Effects of Physiology-Based Interaction on Collaborative Performance

TitleEffects of Physiology-Based Interaction on Collaborative Performance
Publication TypeMaster Thesis
Year of Publication2010
AuthorsMealla, S.
preprint/postprint documentstatic/media/Mealla-Sebastian-Master-Thesis-2010.pdf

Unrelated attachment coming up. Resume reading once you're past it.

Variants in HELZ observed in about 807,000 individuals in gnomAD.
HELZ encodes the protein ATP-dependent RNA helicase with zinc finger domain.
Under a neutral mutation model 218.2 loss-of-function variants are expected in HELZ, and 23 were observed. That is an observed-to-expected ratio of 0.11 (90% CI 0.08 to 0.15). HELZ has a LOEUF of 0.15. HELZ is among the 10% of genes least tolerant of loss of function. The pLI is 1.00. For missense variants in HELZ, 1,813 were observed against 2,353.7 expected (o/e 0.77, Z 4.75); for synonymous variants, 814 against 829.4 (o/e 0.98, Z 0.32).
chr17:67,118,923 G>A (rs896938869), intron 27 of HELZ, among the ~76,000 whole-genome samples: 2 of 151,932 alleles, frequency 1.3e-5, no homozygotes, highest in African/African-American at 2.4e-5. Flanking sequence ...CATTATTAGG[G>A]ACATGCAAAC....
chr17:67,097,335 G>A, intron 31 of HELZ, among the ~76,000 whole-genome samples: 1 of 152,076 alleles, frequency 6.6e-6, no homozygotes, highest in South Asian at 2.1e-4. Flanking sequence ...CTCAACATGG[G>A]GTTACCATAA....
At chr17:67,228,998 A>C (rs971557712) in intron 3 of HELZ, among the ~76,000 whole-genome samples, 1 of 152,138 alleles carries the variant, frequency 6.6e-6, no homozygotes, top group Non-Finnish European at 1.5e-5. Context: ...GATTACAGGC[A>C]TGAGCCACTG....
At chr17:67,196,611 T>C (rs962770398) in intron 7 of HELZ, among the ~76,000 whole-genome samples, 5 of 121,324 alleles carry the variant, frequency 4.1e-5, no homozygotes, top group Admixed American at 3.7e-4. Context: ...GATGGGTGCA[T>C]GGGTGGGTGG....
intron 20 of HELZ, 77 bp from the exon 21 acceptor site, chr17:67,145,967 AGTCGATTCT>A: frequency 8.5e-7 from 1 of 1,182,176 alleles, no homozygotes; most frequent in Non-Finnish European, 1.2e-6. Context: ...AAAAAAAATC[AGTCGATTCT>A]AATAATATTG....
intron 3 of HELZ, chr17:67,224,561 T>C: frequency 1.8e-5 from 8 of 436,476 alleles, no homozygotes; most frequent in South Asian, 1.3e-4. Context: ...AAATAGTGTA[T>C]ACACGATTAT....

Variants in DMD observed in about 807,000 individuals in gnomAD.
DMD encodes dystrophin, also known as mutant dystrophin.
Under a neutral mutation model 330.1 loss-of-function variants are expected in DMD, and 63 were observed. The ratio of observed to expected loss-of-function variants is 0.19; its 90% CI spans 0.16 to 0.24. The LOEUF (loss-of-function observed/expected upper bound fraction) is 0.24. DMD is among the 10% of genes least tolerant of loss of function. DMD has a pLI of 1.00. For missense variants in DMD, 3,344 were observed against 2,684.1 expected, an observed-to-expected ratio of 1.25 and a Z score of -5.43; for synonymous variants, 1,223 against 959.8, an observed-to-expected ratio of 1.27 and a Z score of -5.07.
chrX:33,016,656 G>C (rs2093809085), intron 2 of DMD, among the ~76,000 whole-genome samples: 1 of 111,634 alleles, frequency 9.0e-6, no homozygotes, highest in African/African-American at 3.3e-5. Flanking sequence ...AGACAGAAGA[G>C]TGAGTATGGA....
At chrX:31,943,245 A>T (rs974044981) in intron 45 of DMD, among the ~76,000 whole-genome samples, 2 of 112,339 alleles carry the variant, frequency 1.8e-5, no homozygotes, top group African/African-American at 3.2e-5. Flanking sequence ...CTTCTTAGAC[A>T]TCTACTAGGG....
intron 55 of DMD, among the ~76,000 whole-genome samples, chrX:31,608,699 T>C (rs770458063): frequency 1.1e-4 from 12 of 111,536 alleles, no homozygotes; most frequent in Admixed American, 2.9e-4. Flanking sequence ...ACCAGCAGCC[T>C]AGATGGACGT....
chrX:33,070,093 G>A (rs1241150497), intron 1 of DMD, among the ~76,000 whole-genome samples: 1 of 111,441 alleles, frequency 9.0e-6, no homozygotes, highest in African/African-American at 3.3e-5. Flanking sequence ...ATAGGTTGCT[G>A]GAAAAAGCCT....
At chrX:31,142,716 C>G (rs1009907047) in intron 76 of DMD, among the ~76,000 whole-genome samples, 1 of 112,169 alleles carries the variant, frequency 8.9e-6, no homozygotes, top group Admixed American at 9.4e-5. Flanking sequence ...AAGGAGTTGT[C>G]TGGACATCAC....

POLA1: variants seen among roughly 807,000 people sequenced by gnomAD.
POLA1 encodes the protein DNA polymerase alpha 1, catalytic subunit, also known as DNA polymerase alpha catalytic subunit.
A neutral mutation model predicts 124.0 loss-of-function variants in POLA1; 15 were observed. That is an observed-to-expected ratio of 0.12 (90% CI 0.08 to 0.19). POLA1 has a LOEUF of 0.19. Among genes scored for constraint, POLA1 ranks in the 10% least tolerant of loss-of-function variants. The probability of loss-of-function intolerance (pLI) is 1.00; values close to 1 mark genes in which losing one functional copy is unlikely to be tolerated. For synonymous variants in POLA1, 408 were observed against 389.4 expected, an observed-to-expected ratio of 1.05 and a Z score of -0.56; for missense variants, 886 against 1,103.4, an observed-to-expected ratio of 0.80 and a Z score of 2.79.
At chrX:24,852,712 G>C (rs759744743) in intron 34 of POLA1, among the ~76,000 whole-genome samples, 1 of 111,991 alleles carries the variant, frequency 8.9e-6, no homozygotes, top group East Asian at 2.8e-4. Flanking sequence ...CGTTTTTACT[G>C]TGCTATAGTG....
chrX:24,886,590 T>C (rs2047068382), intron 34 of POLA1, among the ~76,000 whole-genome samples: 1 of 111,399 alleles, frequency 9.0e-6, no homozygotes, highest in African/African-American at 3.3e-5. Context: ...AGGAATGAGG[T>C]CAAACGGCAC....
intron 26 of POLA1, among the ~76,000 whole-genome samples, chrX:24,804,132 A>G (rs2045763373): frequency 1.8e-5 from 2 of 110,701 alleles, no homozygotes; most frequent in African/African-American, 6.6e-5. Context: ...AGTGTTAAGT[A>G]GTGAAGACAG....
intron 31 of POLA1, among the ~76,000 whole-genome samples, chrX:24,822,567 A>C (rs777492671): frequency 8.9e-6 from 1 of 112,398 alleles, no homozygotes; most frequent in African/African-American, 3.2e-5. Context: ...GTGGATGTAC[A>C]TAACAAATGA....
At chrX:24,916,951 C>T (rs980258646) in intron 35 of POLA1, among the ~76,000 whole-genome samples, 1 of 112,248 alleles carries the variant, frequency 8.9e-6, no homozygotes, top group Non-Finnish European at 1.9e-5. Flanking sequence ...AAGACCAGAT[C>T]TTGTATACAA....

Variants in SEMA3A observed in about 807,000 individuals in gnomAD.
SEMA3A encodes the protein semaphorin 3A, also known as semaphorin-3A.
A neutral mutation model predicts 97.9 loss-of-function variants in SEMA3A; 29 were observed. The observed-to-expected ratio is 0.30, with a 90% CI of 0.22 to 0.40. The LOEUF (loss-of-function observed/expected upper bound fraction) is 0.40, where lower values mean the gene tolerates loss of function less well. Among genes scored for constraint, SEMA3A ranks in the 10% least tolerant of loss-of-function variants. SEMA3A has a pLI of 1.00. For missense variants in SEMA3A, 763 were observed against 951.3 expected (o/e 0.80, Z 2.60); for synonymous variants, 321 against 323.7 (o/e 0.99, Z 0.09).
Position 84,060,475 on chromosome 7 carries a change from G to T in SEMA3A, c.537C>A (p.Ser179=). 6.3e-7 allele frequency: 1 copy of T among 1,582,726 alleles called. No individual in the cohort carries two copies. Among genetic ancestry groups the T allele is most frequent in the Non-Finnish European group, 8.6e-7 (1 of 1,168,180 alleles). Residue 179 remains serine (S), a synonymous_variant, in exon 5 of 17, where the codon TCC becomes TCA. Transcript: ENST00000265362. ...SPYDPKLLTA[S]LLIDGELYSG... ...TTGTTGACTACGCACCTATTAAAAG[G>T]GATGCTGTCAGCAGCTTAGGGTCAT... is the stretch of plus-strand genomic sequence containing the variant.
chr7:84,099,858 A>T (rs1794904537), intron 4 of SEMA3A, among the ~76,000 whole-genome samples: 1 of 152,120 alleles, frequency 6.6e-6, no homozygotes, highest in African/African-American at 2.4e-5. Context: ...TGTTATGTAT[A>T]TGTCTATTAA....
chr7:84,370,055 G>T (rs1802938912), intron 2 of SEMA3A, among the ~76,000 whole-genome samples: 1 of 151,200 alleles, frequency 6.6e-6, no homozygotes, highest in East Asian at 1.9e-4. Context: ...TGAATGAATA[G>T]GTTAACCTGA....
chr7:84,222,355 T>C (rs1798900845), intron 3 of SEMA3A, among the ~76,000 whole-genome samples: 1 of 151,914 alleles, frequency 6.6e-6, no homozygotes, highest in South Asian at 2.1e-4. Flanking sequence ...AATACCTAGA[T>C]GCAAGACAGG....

AbstractPhysiology-based systems have lead to implicit interaction models where signals coming from the human body are used to control devices and applications by means different to muscular movement or speech. However, most of these systems are focused on single-user modes, and its application in collaborative scenarios is still scarce. In this project we present a system for collaborative sound generation and control built from a Hybrid Brain-Computer Interface device (BCI) featuring Electroencephalogram (EEG) and Electrocardiogram (ECG), and the reactable, a music instrument based on a Tangible User Interface (TUI). We assessed collaborative performance and motivational variables in a task-oriented experiment based on the imitation of pre-recorded sound references. Measures were obtained through self-reported questionnaires. Teams of subjects with no previous experience on the reactable used two different methods for sound generation and control: implicit interaction, through physiological signals (EEG & ECG), and implicit interaction by means of physical manipulation. The study has revealed four main effects of physiology-based interaction applied to a collaborative performance in a TUI. (1) Teams working with a combination of implicit and explicit models of interaction declared less difficulty and greater ease to solve the tasks. (2) They also shown higher levels of confidence during the performance. (3) The distribution of control and leadership was balance and didn’t show significant difference between the two proposed interaction paradigms. (4) Teams have shown a significant correlation in key aspects for collaboration, such as confidence and motivation over time. These findings suggest that the physiological signal extraction and processing implemented in this system could be linked to subtler descriptors related to affective states, emotional responses or music perception, allowing more advanced and stable methods for sound generation and control. We also propose to include previous training sessions, and carrying on experiments with musicians to test the expressiveness of the proposed system. This work presents a friendly configuration for a collaborative sound composition experience. It encourages the development of Computer-Supported Collaborative Systems where subtle sources of information such as physiological states effectively support an explicit model of interaction, as in the case of tangible tabletops interfaces, by means of non-invasive, wireless devices that preserve adequate conditions for live performance.
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